The other day, my four-year-old daughter came up to me with a handful of dandelions and said, "Daddy, look at all of the pretty flowers I picked."
The first thing that came to mind was: Those aren't flowers; they're weeds. The words almost slipped out of my mouth before I stopped myself.
I could just imagine my daughter in therapy twenty years from now.
"Then what did he say?" her therapist asks.
She fights back tears. "He said...he said, 'Those are weeds!" And then begins sobbing.
I have enough things on my conscience already, I don't need to add that to the list.
So instead I just congratulated her on her floral acumen and off she went exploring the rest of the back yard.
That's when it hit me: the biggest difference between her experience of the dandelions and mine is that I superimposed my dualistic grid onto them, whereas she was just open to the moment. I automatically saw dandelions as a weed that invades my backyard; she, on the other hand, just saw a pretty yellow flower.
Good, bad, pretty, ugly, useful, useless, these are mental constructions that we project onto the world. I couldn't appreciate the dandelion the way my daughter did because to me it was a weed, and weeds are a pain in the ass, plain and simple.
I'm not trying to romanticize childhood as some Edenic state, but there was a simplicity in my daughter's experience that cut away some layers of my mental grime. She hasn't yet learned how to differentiate ugly from beautiful, or a flower from a weed. That comes with time.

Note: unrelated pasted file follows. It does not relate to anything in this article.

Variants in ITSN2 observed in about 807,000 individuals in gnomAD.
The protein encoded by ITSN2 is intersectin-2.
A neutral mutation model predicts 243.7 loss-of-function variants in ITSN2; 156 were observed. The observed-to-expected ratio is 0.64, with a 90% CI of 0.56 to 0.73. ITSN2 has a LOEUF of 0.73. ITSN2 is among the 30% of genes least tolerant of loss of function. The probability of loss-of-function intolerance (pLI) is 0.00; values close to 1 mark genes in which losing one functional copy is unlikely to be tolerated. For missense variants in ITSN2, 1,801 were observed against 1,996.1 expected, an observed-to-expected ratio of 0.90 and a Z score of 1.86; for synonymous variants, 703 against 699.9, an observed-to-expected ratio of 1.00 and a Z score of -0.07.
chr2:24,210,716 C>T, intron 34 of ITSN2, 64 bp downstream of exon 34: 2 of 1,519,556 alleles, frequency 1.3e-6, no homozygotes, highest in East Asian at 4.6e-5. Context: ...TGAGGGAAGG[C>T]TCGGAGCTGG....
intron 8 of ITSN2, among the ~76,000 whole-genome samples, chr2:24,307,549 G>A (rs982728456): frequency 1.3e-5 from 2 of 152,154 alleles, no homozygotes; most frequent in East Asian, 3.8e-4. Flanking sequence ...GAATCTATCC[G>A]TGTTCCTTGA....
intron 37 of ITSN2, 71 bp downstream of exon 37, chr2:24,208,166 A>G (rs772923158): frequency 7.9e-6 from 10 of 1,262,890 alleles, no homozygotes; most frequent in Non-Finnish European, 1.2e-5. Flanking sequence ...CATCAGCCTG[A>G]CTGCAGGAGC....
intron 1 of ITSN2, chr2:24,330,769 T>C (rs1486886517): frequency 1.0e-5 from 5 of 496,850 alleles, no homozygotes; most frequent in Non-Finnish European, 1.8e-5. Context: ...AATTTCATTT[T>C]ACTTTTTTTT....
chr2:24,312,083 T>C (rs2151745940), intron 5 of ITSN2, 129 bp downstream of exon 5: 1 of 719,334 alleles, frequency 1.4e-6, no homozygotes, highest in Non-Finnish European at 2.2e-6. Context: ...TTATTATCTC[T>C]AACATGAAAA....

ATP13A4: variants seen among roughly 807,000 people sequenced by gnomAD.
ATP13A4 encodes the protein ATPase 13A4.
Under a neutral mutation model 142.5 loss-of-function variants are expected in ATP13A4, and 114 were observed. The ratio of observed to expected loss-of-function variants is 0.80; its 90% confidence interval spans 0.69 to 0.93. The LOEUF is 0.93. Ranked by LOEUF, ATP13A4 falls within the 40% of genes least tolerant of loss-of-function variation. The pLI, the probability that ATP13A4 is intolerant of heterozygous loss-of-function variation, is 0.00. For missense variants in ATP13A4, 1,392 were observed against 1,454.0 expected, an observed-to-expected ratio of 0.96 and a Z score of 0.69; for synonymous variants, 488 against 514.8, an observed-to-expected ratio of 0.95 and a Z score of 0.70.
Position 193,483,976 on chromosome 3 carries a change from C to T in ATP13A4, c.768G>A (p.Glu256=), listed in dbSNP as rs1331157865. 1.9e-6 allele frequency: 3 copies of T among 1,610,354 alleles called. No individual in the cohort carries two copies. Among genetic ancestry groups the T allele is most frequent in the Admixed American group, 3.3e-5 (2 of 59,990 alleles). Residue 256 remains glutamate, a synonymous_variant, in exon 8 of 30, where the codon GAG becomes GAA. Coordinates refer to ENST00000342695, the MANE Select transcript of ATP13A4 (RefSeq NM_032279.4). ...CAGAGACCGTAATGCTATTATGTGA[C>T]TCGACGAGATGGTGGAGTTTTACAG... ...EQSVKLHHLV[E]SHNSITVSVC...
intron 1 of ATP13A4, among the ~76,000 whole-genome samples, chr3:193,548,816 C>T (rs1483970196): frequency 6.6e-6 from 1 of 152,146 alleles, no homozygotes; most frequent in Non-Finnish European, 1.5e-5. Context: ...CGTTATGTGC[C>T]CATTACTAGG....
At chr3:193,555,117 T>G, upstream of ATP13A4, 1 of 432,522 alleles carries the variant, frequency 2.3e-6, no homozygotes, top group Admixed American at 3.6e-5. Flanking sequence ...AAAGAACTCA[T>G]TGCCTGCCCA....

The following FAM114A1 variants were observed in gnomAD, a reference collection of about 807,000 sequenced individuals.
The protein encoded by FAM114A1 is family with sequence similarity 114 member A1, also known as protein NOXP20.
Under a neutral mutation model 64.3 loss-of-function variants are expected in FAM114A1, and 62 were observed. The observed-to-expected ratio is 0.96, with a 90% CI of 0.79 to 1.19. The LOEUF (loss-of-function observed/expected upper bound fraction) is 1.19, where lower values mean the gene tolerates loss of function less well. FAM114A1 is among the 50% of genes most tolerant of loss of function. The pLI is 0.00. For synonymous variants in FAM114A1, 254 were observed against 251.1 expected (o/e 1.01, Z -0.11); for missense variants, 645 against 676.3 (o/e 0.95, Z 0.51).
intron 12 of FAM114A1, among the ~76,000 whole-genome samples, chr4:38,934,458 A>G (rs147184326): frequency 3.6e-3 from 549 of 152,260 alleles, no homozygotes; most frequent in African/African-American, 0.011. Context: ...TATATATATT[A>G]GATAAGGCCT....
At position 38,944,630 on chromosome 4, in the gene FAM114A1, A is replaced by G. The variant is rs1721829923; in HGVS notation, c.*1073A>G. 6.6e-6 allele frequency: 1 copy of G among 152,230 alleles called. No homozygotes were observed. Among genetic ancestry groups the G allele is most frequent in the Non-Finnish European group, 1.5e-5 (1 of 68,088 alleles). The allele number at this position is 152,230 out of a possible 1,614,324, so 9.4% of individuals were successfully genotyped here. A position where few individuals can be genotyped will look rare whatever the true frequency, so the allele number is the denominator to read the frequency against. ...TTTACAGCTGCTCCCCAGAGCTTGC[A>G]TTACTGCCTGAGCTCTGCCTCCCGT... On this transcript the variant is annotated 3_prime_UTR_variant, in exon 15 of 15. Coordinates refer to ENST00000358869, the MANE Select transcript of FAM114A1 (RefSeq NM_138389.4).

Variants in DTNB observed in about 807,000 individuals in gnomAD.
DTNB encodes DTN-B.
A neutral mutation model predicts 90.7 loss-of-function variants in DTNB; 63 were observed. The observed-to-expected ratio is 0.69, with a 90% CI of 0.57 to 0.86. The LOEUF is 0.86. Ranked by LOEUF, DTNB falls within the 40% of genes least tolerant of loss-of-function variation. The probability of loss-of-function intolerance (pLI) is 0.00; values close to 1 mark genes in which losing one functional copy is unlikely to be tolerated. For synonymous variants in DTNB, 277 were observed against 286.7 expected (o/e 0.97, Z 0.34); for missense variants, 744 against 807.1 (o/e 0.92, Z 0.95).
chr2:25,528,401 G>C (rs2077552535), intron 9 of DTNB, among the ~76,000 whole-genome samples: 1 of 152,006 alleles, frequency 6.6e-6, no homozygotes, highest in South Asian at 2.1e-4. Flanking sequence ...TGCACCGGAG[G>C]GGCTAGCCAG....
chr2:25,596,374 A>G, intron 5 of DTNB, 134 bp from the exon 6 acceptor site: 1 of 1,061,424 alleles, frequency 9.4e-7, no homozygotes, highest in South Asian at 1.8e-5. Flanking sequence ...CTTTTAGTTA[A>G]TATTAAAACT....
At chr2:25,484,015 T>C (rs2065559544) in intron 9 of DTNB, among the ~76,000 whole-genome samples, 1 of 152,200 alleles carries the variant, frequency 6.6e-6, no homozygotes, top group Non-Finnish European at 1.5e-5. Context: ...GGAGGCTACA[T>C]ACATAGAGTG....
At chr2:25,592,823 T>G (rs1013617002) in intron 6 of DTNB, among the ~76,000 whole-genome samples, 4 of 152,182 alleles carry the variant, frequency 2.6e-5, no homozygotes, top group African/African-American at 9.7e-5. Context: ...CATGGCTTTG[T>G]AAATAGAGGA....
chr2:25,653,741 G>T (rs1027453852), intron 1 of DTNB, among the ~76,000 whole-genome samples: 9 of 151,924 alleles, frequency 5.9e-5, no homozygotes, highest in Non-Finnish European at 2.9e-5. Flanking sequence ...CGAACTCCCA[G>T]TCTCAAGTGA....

Zen practice often feels like de-conditioning. I'm trying to unlearn my dualistic mental habits. For instance, there was a moment, around 1 AM as Hurricane Irene was raging outside my window and water was finding its way into my basement, that I asked myself: Is this really bad? How much of this am I creating?
It turned into a kind of koan. When I opened myself to the moment, I could see how empty the events were. Why should water outside my home be fine but water inside be terrible? I was the author of my own suffering--all of it.
It was more categorical thinking, just like with my daughter and her dandelions. I had created good and bad then fooled myself into thinking they had a substantial existence. The Third Ancestor said, "The Great Way is very simple. Just avoid picking and choosing." Indeed.
My daughter did it. She inspires me to see with the wonder of a child where dualities have not yet intruded. Just a flower, just this moment, just "Daddy, look at all of the pretty flowers I picked."
Just, "Wow, they are beautiful." And really meaning it.
Photo borrowed from Creative Commons flickr user: tobym.